Nurses with little knowledge of research statistics might find the critical review of research intimidating. With this in mind, a standard guideline for reviewing, presenting, and discussing journal articles is important. A standard format aids in decreasing the anxiety of reviewing research articles. This limitation can be a positive aspect to assist nurses to learn and develop research critical thinking skills.
The historical aspects, goals, organization, positive aspects, and limitations of nursing journal dubs have been discussed in this article. The methodology for journal dubs assists in bridging the gap between research and practice. Journal clubs provide a positive approach for nursing education withirt the economy of today's healthcare system. A nursing journal club offers an effective method for nurses to explore, discuss, analyze, and research ideas of interest.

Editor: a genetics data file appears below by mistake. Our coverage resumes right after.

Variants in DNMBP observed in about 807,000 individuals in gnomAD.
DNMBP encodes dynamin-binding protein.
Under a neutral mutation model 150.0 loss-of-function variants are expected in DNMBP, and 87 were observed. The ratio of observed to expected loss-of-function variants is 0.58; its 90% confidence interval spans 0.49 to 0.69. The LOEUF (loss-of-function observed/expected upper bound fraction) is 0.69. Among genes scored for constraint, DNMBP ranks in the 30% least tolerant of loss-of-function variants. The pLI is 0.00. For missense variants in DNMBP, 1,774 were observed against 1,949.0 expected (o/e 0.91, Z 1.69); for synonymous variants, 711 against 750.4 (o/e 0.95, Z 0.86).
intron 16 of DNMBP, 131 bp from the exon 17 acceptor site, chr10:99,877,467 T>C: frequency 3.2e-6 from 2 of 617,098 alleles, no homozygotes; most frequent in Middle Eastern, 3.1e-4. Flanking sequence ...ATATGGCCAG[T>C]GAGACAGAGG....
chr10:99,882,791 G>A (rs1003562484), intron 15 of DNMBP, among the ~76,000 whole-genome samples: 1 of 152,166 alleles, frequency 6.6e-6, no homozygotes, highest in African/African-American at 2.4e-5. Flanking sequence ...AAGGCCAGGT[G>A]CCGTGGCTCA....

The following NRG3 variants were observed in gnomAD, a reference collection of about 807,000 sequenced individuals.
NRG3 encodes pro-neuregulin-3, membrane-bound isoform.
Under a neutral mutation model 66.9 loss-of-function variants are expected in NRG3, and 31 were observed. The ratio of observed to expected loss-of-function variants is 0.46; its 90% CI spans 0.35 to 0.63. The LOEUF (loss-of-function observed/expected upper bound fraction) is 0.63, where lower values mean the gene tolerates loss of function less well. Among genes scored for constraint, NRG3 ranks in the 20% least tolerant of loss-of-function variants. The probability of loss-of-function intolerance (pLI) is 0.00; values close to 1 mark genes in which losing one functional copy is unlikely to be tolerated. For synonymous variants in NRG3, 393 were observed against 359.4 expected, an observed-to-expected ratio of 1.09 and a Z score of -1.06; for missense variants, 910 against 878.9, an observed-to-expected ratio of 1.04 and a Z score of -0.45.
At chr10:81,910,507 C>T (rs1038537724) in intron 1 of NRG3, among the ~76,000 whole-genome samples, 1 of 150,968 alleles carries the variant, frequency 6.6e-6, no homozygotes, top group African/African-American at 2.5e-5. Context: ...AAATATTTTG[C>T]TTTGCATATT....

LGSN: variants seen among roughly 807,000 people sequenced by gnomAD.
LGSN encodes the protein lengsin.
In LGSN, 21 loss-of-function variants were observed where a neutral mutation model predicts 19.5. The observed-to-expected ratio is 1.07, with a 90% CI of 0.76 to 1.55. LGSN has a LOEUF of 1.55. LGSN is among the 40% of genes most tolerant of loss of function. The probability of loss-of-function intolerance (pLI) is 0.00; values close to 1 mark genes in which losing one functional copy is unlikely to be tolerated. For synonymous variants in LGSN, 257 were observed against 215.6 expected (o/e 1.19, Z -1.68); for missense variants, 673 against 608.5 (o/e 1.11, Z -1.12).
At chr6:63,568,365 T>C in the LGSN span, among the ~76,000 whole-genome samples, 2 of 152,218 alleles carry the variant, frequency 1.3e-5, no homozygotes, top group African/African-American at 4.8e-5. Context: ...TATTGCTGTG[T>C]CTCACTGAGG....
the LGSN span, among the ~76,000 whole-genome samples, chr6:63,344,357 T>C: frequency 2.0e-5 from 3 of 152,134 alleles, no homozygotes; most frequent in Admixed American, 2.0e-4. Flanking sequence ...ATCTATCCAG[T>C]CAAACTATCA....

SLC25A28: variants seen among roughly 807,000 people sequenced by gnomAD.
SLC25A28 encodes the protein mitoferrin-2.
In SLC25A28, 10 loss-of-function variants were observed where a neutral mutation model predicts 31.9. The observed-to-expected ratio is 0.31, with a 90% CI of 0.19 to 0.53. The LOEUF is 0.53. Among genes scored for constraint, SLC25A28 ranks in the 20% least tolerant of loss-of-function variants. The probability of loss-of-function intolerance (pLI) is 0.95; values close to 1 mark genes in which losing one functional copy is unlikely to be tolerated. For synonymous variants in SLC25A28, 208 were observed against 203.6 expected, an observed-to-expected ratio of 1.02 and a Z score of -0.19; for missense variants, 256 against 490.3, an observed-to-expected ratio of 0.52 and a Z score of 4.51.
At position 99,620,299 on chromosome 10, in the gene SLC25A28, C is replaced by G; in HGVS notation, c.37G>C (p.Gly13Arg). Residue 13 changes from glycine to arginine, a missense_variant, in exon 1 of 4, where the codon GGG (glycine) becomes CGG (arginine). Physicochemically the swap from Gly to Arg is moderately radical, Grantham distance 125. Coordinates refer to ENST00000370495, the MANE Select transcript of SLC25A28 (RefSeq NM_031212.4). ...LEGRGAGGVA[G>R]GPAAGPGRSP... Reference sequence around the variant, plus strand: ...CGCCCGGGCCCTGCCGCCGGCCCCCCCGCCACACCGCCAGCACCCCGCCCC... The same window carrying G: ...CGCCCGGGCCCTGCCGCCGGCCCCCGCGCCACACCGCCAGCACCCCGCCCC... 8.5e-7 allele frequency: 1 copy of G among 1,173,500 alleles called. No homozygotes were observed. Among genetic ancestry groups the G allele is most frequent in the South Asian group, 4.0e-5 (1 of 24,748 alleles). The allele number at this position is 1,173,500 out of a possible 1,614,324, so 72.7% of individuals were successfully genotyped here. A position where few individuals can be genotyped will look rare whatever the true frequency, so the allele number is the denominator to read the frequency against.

- Boehler, M. (1988). The journal dub: Practical staff development. Journal of Nursing Staff Development, 1(2), 79-80.
- Crispin, C.W. (1992). An ICU links practice and theory through a journal dub. Australian Nurses Journal, 21(8), 13.
- Flarey, D.L. (1993). journal dub: A tool for health care management and development. Health Care Supervisor, 11(3), 53-58.
- Heiligman, R.M., & WoUitzer, A.O. (1987). A survey of journal dubs in U.S. family practice residencies. Journal of Medical Education, 67, 928-931.
- Lindquist, R., Robert, R.C., & Treat, D. (1990). A clinical practice journal club: Bridging the gap between research and practice. Focus on Critical Care, 17(5), 402-406.
- Unzer, M. (1987). The journal club and medical education over one hundred years of unrecorded history. Postgraduate Medical Journal, 740(63), 475-478.
- Mercado, C.A. (1986). A dub offers lowcost CE. RN, 19(3), 13-14.
- Roberts, S. (1985). A journal dub enhances professional development. American Journal of Maternal Child Nursing, 10(1), 271-272.